In seeking the language to talk about God and those places where God’s presence is mostly keenly felt, in other words “the kingdom of God,” Jesus relied on two sources: the ancient Hebrew Bible, the Sacred Scriptures of his people, and nature, God’s creation. As a Jew, he would have grown up learning and reciting the Scriptures, such as the text Ezekiel 17:22-24 which speaks of how God is active in our world through the miracles of nature.
Jesus also often retreated to the hills to pray. As he prayed, he no doubt contemplated the fascinating way trees and plants change and grow, hibernate and die, according to the seasons. So, when it came to explaining God’s presence and activity, the words were at hand. It is like the seed that is planted; it continually grows and becomes a plant that emerges from the soil, day and night, without ceasing, regardless of whether we are asleep or awake. God’s activity never ceases. Then, Jesus appears to put His head back and ponder the question, “To what else can we compare the kingdom of God?” It is like he is back in the forest, that place on the hillside where he spent time talking with his “Abba,” and thinking, “There is something else.” Oh yes, “the mustard seed.” The smallest of all seeds that grows to become the biggest shrub of all. Maybe this is an exaggeration. But like anyone telling a picture-story or a parable, Jesus has an author’s license. Why not? It is a great image and one that becomes imprinted on the minds of His listeners.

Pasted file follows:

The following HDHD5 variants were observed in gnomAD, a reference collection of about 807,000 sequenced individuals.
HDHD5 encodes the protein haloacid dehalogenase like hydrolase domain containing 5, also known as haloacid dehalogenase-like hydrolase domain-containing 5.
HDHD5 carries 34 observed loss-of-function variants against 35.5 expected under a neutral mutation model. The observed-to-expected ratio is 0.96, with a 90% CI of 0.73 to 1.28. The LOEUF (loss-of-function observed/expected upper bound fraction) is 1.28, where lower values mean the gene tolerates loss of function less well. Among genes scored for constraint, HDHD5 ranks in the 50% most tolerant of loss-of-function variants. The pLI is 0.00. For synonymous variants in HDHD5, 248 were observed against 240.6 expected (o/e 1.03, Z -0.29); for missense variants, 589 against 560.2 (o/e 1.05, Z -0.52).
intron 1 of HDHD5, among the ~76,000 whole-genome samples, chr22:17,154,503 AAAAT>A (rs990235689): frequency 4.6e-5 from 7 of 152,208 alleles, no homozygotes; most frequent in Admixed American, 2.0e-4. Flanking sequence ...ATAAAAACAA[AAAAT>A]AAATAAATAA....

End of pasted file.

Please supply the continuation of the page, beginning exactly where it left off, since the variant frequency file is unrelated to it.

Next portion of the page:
Now, imagine what would happen if these trees die for ever, if the green hills become colorless deserts, where would we find the language to speak of God and God’s presence in our world? Are we aware of the implications of the enormous damage we are doing to our environment? We not only kill off the plants that sustain life. We also deprive ourselves of the words that speak of the invisible mysteries of God’s loving presence in our world. Let us pray for a deeper appreciation of why we need to take greater care of our planet. Otherwise, we may be left pondering, “What happened to the mustard seed?’